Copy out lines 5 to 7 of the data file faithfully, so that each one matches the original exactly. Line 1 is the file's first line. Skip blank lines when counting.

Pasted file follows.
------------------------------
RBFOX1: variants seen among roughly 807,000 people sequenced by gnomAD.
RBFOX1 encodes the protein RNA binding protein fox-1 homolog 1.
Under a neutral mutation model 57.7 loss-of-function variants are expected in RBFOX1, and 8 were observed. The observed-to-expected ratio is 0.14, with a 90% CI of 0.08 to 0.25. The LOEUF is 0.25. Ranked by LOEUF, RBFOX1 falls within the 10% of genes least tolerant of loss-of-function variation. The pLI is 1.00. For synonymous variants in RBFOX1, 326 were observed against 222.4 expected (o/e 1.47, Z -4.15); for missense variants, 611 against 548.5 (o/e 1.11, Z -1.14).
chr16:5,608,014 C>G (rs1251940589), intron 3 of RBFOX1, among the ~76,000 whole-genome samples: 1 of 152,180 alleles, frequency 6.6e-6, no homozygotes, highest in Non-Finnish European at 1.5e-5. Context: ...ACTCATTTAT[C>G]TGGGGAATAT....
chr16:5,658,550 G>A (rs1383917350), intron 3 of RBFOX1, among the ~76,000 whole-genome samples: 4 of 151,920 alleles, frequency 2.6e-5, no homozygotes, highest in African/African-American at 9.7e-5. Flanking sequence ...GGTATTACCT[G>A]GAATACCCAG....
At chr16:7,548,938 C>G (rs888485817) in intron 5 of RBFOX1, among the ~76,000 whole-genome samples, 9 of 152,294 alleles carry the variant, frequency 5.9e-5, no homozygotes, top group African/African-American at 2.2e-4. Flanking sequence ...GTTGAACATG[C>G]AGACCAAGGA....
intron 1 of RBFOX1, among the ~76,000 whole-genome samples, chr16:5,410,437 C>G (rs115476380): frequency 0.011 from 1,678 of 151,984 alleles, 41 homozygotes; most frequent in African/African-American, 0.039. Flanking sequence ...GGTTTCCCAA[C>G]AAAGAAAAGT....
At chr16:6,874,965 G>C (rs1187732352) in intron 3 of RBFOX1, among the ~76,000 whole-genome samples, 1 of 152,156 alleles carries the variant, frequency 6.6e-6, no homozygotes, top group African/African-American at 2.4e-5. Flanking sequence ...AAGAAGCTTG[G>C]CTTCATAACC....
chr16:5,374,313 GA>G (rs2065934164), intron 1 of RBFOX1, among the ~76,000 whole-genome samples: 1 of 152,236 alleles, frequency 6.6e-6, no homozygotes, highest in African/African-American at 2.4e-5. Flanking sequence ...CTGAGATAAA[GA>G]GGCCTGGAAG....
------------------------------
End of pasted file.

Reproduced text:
chr16:5,658,550 G>A (rs1383917350), intron 3 of RBFOX1, among the ~76,000 whole-genome samples: 4 of 151,920 alleles, frequency 2.6e-5, no homozygotes, highest in African/African-American at 9.7e-5. Flanking sequence ...GGTATTACCT[G>A]GAATACCCAG....
At chr16:7,548,938 C>G (rs888485817) in intron 5 of RBFOX1, among the ~76,000 whole-genome samples, 9 of 152,294 alleles carry the variant, frequency 5.9e-5, no homozygotes, top group African/African-American at 2.2e-4. Flanking sequence ...GTTGAACATG[C>G]AGACCAAGGA....
intron 1 of RBFOX1, among the ~76,000 whole-genome samples, chr16:5,410,437 C>G (rs115476380): frequency 0.011 from 1,678 of 151,984 alleles, 41 homozygotes; most frequent in African/African-American, 0.039. Flanking sequence ...GGTTTCCCAA[C>G]AAAGAAAAGT....